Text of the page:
What to look for in a video platform

technologyOverwhelmed by the prospect of choosing a technology platform to support video observations? In this post, Luisa Sparrow from DIY Coaching discusses what her organization looks for when adopting a technology.  



Beginning in September each year, cohorts of 10-12 teachers across Boston schools gather together for monthly feedback sessions, led by a facilitator from DIY Coaching. At these meetings, teachers engage in coaching conversations guided by their chosen focus area and evidence from a classroom video. Because teachers have a shared content area, these peer-to-peer coaching conversations help advance participants’ pedagogical content knowledge, further equipping them to meet their students’ learning needs. To prepare for these meetings, participants record themselves teaching at least twice each month, for a total of 30-45 minutes of instructional video.

Of course, all of this professional learning requires teachers to watch videos of themselves teaching, and watching videos of oneself can feel a bit...unsettling at first. Teaching is a very personal act, one that we often do in isolation. You might feel vulnerable watching yourself, and sharing that video with someone else? Yikes! Thus, often teachers will take any excuse to avoid the practice.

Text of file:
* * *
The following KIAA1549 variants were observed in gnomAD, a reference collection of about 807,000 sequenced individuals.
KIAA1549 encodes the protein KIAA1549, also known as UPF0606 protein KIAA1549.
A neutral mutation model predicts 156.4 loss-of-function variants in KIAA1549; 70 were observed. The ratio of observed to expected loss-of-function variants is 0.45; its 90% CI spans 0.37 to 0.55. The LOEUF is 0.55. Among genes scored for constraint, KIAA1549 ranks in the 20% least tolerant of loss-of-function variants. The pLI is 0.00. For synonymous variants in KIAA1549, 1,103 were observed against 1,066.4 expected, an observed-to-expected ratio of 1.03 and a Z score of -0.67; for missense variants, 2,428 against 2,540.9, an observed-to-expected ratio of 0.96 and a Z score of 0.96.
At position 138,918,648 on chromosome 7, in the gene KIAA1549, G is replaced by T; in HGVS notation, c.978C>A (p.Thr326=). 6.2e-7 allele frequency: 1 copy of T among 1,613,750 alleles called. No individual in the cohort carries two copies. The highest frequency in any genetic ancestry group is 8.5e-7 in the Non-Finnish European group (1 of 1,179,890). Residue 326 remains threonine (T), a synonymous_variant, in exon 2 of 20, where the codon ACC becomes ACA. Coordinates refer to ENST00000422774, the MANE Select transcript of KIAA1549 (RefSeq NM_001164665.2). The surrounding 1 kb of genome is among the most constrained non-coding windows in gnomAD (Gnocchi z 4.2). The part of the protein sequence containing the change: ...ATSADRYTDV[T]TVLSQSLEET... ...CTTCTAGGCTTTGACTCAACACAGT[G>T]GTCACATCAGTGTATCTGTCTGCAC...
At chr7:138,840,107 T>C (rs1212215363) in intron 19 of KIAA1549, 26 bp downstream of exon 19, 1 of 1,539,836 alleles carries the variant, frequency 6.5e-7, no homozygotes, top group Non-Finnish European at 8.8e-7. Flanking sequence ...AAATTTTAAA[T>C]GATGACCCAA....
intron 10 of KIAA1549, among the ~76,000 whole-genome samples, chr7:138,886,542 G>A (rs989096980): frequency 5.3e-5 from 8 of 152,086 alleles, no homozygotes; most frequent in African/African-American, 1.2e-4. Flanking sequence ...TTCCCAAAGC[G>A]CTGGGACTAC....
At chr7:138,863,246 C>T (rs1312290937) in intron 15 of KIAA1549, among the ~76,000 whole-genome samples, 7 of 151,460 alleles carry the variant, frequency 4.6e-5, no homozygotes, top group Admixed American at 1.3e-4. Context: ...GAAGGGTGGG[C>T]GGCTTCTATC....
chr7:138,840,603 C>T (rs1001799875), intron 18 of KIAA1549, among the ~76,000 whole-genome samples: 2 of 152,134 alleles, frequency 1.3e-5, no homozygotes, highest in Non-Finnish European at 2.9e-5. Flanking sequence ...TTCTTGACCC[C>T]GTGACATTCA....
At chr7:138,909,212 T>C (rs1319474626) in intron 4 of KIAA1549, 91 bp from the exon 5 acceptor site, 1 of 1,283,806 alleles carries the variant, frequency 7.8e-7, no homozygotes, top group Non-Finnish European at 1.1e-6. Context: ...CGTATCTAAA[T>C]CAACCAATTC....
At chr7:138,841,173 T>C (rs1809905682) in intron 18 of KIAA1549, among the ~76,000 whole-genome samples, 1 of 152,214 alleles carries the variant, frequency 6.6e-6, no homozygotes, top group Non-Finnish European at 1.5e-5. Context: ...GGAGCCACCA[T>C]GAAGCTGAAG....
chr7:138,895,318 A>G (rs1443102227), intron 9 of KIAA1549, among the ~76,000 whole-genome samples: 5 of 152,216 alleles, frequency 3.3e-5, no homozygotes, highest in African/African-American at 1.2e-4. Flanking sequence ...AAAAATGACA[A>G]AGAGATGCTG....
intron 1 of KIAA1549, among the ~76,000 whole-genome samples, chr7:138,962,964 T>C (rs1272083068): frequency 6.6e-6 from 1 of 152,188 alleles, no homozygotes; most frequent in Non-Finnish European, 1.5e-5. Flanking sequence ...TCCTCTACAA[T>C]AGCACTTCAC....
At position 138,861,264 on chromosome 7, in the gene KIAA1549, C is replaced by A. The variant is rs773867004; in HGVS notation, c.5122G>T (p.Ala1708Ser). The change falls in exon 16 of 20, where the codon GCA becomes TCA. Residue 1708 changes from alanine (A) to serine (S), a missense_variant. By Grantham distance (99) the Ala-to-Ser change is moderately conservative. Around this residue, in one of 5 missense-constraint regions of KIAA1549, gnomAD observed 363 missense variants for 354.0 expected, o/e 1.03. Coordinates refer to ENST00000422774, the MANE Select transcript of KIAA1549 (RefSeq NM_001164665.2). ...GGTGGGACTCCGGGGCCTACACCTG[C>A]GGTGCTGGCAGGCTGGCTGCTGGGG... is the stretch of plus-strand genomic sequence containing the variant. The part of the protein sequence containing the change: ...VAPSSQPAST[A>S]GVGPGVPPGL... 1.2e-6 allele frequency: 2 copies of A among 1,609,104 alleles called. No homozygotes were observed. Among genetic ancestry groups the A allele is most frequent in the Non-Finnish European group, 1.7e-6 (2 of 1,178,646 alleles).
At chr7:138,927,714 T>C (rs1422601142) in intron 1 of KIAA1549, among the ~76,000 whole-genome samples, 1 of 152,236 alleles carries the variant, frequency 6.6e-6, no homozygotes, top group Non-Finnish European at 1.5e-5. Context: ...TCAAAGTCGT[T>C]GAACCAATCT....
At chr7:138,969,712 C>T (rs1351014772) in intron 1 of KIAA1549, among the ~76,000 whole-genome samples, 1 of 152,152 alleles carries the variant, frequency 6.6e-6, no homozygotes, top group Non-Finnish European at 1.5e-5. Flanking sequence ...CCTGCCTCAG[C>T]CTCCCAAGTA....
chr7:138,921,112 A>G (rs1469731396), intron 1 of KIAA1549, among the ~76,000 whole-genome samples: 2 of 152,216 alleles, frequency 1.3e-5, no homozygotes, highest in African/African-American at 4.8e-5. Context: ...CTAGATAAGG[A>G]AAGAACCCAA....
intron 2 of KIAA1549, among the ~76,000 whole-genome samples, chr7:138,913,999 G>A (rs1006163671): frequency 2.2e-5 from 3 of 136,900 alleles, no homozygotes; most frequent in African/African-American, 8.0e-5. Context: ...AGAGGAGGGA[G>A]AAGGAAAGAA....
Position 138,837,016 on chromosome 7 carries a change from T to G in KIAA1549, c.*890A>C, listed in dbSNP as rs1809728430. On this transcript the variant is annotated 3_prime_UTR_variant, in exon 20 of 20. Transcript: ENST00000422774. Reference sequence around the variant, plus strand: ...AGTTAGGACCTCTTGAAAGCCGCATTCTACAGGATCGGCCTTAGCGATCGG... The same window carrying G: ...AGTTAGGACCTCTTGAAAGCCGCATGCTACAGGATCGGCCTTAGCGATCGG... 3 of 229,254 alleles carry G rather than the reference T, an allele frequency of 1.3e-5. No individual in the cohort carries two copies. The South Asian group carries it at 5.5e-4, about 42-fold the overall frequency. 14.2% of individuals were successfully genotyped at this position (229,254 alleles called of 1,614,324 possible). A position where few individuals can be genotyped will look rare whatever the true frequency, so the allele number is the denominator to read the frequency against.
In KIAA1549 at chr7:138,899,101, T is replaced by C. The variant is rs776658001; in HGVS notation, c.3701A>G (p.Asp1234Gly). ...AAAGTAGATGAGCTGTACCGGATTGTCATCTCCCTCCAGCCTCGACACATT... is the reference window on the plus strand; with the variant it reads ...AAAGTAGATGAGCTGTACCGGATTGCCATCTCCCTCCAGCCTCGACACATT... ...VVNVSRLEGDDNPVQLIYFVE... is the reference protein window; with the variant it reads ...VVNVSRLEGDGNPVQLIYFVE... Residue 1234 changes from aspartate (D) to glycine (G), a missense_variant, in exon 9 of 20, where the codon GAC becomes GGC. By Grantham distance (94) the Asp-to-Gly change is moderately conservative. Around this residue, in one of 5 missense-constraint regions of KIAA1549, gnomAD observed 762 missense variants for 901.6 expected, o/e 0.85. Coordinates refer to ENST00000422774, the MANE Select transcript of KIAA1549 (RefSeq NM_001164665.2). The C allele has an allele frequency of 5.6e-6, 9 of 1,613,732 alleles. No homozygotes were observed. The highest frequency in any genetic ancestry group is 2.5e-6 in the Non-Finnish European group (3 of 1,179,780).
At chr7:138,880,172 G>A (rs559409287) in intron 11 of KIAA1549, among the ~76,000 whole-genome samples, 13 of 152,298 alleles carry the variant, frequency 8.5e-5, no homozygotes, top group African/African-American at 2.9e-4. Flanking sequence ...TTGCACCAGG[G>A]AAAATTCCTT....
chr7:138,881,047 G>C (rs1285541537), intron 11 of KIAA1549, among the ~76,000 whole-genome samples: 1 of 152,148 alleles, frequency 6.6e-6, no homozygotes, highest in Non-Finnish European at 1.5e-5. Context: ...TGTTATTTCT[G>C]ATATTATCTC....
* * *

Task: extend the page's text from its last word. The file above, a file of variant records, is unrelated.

Technical difficulties provide one of the most justified reasons to skip a video feedback session. Many get mired down by sophisticated technologies and complicated processes, so we must choose our tools carefully. When we find a video platform that simplifies logistics related to recording, uploading, observing, and sharing your lessons, we increase the likelihood that video observations will become an integral part of our development.

So what’s in a platform? Here are some of the features that DIY Coaching looks for:

  • Simplicity in uploading a video from your phone to the platform
  • Ability to form “groups” so you can share your videos as you collaborate with colleagues at your school or elsewhere
  • Ability to take time-stamped notes
  • Option to automatically stop the video when you start typing observation notes so that the video doesn’t move on without you, causing you to lose your train of thought
  • Ability to share your video notes with colleagues
  • Ability to attach supporting documents to videos so you can share specific lesson materials and student work samples with your colleagues
  • Ability to create “tags” for your video to quickly indicate frequently-observed behaviors
  • Cost-effectiveness

While it’s important to feel supported by the right technology and incorporate accountability with formal feedback systems, teachers can easily start to use video in classroom by simply recording from their phone and taking a few minutes to watch it after class. The more we watch ourselves teach, the easier it becomes and the more we learn. So if you’ve been thinking about watching yourself teach, try it out!  You won’t regret it in the long run!


Check out these additional technology resources:

How to talk to technology vendors: A guide for education leaders

Viewing platform vendor list

Sample team support structure

Infrastructure checklist for launch


Do-It-Yourself (DIY) Coaching empowers teachers to film their classroom instruction to identify their strengths and next steps to increase the learning of marginalized students. Formed in Boston in 2016, DIY Coaching activates teachers as coaches for themselves and one another through the use of classroom video.